As a Philadelphian, Hurricane Irene’s approach was imminent. While I won’t comment about whether the media sensationalized the storm at all, I will say that social media was an incredibly helpful way for me to get information about what was going on. Since I’m moving apartments in a few weeks, I cancelled my cable, and had no way of turning on The Weather Channel to see what the radar looked like, and the website rendering didn’t give much insight.

Cue Facebook and Twitter.

I found my city’s Office of Emergency Management website, and noticed they had a Twitter handle. I followed it. I then saw other people in my stream who were posting information. Before I knew it, I was getting damage reports, street closures, and a schedule of when the mayor would be addressing the media in a press conference. I saw reposts of pictures that North Carolina residents had shared regarding flooding and damage. I found out that a local news outlet was broadcasting continuous coverage online. If I wasn’t connected via social media, I would have been clueless.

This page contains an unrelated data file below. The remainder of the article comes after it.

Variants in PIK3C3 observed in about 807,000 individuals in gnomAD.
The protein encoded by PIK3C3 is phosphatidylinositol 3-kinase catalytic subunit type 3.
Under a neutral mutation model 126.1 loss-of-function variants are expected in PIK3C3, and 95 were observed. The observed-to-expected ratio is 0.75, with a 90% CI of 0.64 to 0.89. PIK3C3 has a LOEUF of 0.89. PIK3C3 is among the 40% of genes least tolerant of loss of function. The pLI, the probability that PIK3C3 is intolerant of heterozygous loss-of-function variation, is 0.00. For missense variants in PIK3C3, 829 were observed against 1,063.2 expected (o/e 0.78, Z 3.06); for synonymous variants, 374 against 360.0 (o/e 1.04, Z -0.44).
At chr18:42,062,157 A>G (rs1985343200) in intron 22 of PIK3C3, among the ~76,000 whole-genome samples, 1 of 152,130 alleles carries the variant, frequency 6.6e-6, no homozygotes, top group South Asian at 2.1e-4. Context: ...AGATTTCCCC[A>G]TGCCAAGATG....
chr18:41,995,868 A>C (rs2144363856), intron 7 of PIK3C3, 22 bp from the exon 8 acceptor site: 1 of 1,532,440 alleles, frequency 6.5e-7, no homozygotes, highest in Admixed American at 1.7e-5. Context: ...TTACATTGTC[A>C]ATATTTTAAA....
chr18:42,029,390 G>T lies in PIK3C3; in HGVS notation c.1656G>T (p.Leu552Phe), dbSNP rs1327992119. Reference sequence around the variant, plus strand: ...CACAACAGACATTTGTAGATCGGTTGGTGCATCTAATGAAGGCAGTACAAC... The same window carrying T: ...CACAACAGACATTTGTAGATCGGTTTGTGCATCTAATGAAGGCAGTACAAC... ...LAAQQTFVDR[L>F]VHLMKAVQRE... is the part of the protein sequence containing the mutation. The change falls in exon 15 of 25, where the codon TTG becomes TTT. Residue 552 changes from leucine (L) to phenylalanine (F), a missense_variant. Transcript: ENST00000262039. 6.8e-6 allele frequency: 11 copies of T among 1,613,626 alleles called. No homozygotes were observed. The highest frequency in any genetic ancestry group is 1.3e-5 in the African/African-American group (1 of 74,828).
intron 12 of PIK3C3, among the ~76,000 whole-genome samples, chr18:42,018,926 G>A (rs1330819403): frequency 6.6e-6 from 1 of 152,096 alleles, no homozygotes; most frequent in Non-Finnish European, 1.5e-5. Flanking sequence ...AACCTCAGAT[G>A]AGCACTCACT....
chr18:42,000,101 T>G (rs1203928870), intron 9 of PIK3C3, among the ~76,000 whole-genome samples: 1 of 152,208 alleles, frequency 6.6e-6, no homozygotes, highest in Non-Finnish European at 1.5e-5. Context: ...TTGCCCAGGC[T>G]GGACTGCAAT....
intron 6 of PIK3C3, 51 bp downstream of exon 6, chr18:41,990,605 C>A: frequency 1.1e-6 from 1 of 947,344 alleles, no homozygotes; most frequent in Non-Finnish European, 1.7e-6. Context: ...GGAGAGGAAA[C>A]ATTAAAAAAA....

Thankfully, the damage to my part of the city was much less than so many other places Irene touched. However, had it not been for a traffic alert on my city’s social media sites, I wouldn’t have known that two of the major roads I take to work each day were completely underwater. Since Google’s traffic map didn’t so much as make note of the flooding and closures, it was Twitter or bust.

Time To Step Up